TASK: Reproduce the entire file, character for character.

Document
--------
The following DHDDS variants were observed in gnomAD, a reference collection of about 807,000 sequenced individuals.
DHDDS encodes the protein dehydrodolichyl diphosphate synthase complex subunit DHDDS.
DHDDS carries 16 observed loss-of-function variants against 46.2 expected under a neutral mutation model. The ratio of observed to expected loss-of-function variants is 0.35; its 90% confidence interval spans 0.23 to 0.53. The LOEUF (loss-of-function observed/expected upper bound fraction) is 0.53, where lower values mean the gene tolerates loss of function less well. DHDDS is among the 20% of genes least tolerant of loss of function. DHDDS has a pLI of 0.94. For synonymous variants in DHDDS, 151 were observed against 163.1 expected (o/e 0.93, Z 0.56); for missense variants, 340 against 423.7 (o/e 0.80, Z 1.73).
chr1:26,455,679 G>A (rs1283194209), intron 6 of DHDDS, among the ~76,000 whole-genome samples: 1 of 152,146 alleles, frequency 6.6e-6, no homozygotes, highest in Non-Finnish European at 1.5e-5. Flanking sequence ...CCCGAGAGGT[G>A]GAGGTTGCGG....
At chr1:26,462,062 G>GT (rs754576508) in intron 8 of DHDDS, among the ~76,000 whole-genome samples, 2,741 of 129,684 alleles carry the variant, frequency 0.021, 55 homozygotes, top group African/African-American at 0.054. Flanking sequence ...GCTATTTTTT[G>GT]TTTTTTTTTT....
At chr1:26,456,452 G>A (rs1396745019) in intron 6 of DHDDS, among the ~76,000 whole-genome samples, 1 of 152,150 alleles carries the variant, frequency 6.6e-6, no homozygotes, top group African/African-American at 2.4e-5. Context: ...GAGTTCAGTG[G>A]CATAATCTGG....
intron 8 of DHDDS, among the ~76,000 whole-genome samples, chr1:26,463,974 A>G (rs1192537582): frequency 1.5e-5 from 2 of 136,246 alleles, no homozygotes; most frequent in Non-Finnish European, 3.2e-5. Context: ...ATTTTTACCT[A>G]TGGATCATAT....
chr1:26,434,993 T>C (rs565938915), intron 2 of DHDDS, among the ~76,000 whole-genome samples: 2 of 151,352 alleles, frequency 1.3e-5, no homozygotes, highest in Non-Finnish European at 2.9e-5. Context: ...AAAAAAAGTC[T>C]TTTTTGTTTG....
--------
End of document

The following DHDDS variants were observed in gnomAD, a reference collection of about 807,000 sequenced individuals.
DHDDS encodes the protein dehydrodolichyl diphosphate synthase complex subunit DHDDS.
DHDDS carries 16 observed loss-of-function variants against 46.2 expected under a neutral mutation model. The ratio of observed to expected loss-of-function variants is 0.35; its 90% confidence interval spans 0.23 to 0.53. The LOEUF (loss-of-function observed/expected upper bound fraction) is 0.53, where lower values mean the gene tolerates loss of function less well. DHDDS is among the 20% of genes least tolerant of loss of function. DHDDS has a pLI of 0.94. For synonymous variants in DHDDS, 151 were observed against 163.1 expected (o/e 0.93, Z 0.56); for missense variants, 340 against 423.7 (o/e 0.80, Z 1.73).
chr1:26,455,679 G>A (rs1283194209), intron 6 of DHDDS, among the ~76,000 whole-genome samples: 1 of 152,146 alleles, frequency 6.6e-6, no homozygotes, highest in Non-Finnish European at 1.5e-5. Flanking sequence ...CCCGAGAGGT[G>A]GAGGTTGCGG....
At chr1:26,462,062 G>GT (rs754576508) in intron 8 of DHDDS, among the ~76,000 whole-genome samples, 2,741 of 129,684 alleles carry the variant, frequency 0.021, 55 homozygotes, top group African/African-American at 0.054. Flanking sequence ...GCTATTTTTT[G>GT]TTTTTTTTTT....
At chr1:26,456,452 G>A (rs1396745019) in intron 6 of DHDDS, among the ~76,000 whole-genome samples, 1 of 152,150 alleles carries the variant, frequency 6.6e-6, no homozygotes, top group African/African-American at 2.4e-5. Context: ...GAGTTCAGTG[G>A]CATAATCTGG....
intron 8 of DHDDS, among the ~76,000 whole-genome samples, chr1:26,463,974 A>G (rs1192537582): frequency 1.5e-5 from 2 of 136,246 alleles, no homozygotes; most frequent in Non-Finnish European, 3.2e-5. Context: ...ATTTTTACCT[A>G]TGGATCATAT....
chr1:26,434,993 T>C (rs565938915), intron 2 of DHDDS, among the ~76,000 whole-genome samples: 2 of 151,352 alleles, frequency 1.3e-5, no homozygotes, highest in Non-Finnish European at 2.9e-5. Context: ...AAAAAAAGTC[T>C]TTTTTGTTTG....